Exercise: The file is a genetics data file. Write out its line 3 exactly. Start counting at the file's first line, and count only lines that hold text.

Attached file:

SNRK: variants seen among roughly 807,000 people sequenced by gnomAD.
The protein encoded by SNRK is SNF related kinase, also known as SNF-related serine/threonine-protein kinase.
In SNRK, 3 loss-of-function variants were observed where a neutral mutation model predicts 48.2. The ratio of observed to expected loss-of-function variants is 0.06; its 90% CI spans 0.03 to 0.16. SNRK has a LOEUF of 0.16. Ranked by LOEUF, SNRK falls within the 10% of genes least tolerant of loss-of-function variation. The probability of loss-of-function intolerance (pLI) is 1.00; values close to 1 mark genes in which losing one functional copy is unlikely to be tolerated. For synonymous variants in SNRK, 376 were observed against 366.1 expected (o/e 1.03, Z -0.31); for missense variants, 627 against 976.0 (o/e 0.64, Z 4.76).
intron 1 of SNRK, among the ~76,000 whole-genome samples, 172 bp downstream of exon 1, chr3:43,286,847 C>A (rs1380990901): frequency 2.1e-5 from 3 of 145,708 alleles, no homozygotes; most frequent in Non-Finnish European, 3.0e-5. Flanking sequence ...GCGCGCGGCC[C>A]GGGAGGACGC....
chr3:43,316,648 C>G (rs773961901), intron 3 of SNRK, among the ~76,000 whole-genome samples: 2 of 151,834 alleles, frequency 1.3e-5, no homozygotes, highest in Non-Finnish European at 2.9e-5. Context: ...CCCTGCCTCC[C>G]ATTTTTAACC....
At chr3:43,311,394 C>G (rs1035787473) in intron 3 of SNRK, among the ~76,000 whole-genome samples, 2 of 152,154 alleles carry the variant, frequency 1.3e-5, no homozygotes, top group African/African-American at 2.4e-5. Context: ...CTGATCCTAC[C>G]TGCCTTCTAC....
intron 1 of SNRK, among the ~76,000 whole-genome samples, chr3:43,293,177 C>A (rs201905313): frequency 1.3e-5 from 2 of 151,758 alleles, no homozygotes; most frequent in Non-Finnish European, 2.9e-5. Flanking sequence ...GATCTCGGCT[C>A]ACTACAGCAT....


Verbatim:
In SNRK, 3 loss-of-function variants were observed where a neutral mutation model predicts 48.2. The ratio of observed to expected loss-of-function variants is 0.06; its 90% CI spans 0.03 to 0.16. SNRK has a LOEUF of 0.16. Ranked by LOEUF, SNRK falls within the 10% of genes least tolerant of loss-of-function variation. The probability of loss-of-function intolerance (pLI) is 1.00; values close to 1 mark genes in which losing one functional copy is unlikely to be tolerated. For synonymous variants in SNRK, 376 were observed against 366.1 expected (o/e 1.03, Z -0.31); for missense variants, 627 against 976.0 (o/e 0.64, Z 4.76).